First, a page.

Expert identify construct in analysis prerequisites for expertise development: A case study of nuclear power plant operators on-the-job training

Maaria Nuutinen (Corresponding Author)

Research output: Contribution to journalArticleScientificpeer-review

7 Citations (Scopus)

Abstract

This article discusses how shifting the focus of research to the emotional side of human actions and cognition could create new perspectives on the problem of how to support the human operator in the control of rare disturbances. A new construct, Expert Identity, is described. A qualitative study of the specific problems with changing the operator generation at a nuclear power plant is presented. The results indicate that the current identity of the trainees is more or less still one of the trainees. The conceived demands of operator work and the perceived learning opportunities are characterised by a dichotomy: disturbances or other exceptional situations emerge as different from daily work. The key challenge and motive for the trainees in the development of expertise is to achieve not only an adequate degree of competence but also to construct confidence in being able to cope with potential disturbance situations.
Original languageEnglish
Pages (from-to)288 - 305
Number of pages8
JournalCognition, Technology and Work
Volume7
Issue number4
DOIs
Publication statusPublished - 2005
MoE publication typeA1 Journal article-refereed

Fingerprint

Nuclear power plants
Expertise
Nuclear Power
Operator
Qualitative Study
Cognition
Emotion
Perceived Learning
Human Action
Dichotomy
Confidence

Keywords

  • process control
  • emotions
  • expert identify
  • on-the-job training
  • work analysis
  • nuclear power plants

Cite this

@article{a93f87ce79934bce84565fd7ea94db6f,
title = "Expert identify construct in analysis prerequisites for expertise development: A case study of nuclear power plant operators on-the-job training",
abstract = "This article discusses how shifting the focus of research to the emotional side of human actions and cognition could create new perspectives on the problem of how to support the human operator in the control of rare disturbances. A new construct, Expert Identity, is described. A qualitative study of the specific problems with changing the operator generation at a nuclear power plant is presented. The results indicate that the current identity of the trainees is more or less still one of the trainees. The conceived demands of operator work and the perceived learning opportunities are characterised by a dichotomy: disturbances or other exceptional situations emerge as different from daily work. The key challenge and motive for the trainees in the development of expertise is to achieve not only an adequate degree of competence but also to construct confidence in being able to cope with potential disturbance situations.",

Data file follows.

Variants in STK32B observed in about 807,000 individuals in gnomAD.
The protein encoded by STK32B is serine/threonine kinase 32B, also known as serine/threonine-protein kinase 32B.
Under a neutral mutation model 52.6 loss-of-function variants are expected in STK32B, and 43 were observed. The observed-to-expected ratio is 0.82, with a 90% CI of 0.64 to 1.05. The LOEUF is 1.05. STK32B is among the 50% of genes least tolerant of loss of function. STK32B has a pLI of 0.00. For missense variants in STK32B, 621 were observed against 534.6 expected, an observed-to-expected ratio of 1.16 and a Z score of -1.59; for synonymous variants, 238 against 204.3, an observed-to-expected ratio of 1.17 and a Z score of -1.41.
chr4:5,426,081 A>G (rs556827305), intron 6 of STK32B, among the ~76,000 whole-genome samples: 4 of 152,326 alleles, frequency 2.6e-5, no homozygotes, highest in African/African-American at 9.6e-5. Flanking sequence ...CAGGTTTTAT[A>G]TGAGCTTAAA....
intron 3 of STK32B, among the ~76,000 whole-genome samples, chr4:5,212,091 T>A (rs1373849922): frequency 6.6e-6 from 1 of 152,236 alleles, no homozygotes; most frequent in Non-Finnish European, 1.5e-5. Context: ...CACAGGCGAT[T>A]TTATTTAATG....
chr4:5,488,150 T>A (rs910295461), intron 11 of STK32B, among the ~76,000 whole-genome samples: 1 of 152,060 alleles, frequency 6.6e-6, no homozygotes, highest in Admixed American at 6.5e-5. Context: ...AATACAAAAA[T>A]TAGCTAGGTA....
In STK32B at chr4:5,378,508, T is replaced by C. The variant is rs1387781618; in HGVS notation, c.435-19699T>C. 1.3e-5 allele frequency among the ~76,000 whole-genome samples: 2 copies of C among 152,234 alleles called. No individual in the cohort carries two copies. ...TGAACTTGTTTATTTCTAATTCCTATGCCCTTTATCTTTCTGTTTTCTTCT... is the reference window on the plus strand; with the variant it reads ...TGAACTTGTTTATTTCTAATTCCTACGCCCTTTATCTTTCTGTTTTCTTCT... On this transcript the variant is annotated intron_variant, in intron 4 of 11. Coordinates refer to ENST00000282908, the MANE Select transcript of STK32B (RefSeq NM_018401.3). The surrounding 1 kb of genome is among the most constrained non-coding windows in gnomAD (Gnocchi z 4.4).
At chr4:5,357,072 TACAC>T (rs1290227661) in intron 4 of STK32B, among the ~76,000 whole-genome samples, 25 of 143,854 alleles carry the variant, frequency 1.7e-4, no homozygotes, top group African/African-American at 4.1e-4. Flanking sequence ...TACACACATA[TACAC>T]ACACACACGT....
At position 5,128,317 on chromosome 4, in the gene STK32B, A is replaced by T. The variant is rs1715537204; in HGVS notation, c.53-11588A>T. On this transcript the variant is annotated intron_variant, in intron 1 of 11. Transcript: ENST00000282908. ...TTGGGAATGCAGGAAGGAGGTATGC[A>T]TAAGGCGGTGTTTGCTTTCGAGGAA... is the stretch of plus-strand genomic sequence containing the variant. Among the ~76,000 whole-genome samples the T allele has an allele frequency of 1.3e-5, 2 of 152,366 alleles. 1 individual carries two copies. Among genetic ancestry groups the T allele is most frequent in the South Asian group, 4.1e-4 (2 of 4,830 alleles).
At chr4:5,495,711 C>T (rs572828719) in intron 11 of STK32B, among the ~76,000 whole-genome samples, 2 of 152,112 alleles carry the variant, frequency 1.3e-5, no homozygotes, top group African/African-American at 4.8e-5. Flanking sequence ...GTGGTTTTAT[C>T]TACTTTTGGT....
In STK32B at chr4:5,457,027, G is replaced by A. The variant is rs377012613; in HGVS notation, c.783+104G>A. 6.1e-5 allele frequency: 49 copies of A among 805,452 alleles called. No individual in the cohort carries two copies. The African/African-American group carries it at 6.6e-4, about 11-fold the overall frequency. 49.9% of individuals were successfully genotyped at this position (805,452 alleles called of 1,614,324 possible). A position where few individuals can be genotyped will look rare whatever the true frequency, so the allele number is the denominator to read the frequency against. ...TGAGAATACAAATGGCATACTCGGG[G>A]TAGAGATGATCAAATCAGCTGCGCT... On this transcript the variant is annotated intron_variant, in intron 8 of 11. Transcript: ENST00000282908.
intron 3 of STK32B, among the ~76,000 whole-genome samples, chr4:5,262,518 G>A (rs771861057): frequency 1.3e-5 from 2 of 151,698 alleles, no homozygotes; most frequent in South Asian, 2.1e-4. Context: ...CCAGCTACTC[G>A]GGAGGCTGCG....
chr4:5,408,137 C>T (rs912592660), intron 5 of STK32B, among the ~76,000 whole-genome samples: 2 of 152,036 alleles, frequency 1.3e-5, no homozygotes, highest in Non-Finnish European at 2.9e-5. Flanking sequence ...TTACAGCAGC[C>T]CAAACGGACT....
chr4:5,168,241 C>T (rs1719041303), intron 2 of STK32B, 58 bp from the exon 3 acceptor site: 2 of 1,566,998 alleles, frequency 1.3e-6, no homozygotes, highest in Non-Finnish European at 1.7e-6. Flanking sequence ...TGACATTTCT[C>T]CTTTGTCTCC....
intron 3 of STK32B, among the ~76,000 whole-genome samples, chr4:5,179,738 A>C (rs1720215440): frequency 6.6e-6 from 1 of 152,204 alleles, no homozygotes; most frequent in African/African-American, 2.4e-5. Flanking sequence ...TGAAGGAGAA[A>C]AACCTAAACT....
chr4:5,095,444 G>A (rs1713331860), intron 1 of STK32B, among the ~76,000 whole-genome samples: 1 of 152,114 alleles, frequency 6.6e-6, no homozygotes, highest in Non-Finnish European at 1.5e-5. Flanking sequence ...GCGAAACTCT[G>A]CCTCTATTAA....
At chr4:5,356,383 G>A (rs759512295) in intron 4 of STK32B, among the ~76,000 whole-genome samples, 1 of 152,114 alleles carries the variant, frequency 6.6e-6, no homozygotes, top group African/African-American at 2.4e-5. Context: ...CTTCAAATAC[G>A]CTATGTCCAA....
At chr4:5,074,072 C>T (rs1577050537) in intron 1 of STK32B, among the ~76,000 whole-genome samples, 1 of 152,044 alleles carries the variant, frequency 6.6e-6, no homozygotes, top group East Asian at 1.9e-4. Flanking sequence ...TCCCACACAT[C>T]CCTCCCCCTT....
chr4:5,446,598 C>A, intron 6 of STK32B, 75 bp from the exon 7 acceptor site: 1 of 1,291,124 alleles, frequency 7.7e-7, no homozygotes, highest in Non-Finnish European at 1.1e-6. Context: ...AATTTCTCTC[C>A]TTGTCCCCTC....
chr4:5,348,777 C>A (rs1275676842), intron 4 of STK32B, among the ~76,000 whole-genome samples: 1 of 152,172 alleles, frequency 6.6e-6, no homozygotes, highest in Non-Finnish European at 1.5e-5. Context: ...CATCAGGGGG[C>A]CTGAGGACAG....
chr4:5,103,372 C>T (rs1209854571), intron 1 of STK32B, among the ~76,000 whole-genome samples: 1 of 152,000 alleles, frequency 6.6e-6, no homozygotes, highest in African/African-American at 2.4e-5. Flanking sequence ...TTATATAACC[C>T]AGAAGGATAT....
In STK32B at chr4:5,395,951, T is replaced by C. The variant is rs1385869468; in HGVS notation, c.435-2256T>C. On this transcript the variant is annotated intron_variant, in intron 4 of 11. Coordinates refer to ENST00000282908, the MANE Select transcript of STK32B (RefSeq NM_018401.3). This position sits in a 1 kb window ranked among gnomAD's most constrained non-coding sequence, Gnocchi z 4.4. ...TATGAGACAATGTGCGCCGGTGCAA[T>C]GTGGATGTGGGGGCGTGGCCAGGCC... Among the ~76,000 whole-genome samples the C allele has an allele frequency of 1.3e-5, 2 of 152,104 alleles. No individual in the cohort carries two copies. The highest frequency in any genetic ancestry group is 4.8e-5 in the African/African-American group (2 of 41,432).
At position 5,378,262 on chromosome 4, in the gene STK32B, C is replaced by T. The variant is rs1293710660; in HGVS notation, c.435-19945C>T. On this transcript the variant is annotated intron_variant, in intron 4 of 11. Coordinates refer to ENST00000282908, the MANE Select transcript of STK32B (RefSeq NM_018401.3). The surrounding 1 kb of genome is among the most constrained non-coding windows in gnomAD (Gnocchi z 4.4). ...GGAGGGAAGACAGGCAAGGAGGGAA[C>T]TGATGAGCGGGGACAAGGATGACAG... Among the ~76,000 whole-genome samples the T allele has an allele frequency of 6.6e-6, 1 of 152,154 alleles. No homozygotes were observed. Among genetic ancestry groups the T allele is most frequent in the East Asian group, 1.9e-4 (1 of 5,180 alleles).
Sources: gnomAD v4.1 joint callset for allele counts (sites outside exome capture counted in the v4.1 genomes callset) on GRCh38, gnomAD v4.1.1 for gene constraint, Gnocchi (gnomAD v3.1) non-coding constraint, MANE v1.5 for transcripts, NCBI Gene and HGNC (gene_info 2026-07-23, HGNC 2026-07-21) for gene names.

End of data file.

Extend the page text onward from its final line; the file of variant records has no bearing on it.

keywords = "process control, emotions, expert identify, on-the-job training, work analysis, nuclear power plants",
author = "Maaria Nuutinen",
year = "2005",
doi = "10.1007/s10111-005-0013-9",
language = "English",
volume = "7",
pages = "288 -- 305",
journal = "Cognition, Technology and Work",
issn = "1435-5558",
publisher = "Springer",
number = "4",

}

TY - JOUR

T1 - Expert identify construct in analysis prerequisites for expertise development

T2 - A case study of nuclear power plant operators on-the-job training

AU - Nuutinen, Maaria

PY - 2005

Y1 - 2005

N2 - This article discusses how shifting the focus of research to the emotional side of human actions and cognition could create new perspectives on the problem of how to support the human operator in the control of rare disturbances. A new construct, Expert Identity, is described. A qualitative study of the specific problems with changing the operator generation at a nuclear power plant is presented. The results indicate that the current identity of the trainees is more or less still one of the trainees. The conceived demands of operator work and the perceived learning opportunities are characterised by a dichotomy: disturbances or other exceptional situations emerge as different from daily work. The key challenge and motive for the trainees in the development of expertise is to achieve not only an adequate degree of competence but also to construct confidence in being able to cope with potential disturbance situations.

AB - This article discusses how shifting the focus of research to the emotional side of human actions and cognition could create new perspectives on the problem of how to support the human operator in the control of rare disturbances. A new construct, Expert Identity, is described. A qualitative study of the specific problems with changing the operator generation at a nuclear power plant is presented. The results indicate that the current identity of the trainees is more or less still one of the trainees. The conceived demands of operator work and the perceived learning opportunities are characterised by a dichotomy: disturbances or other exceptional situations emerge as different from daily work. The key challenge and motive for the trainees in the development of expertise is to achieve not only an adequate degree of competence but also to construct confidence in being able to cope with potential disturbance situations.

KW - process control

KW - emotions

KW - expert identify

KW - on-the-job training

KW - work analysis

KW - nuclear power plants

U2 - 10.1007/s10111-005-0013-9

DO - 10.1007/s10111-005-0013-9

M3 - Article

VL - 7

SP - 288

EP - 305

JO - Cognition, Technology and Work

JF - Cognition, Technology and Work

SN - 1435-5558

IS - 4

ER -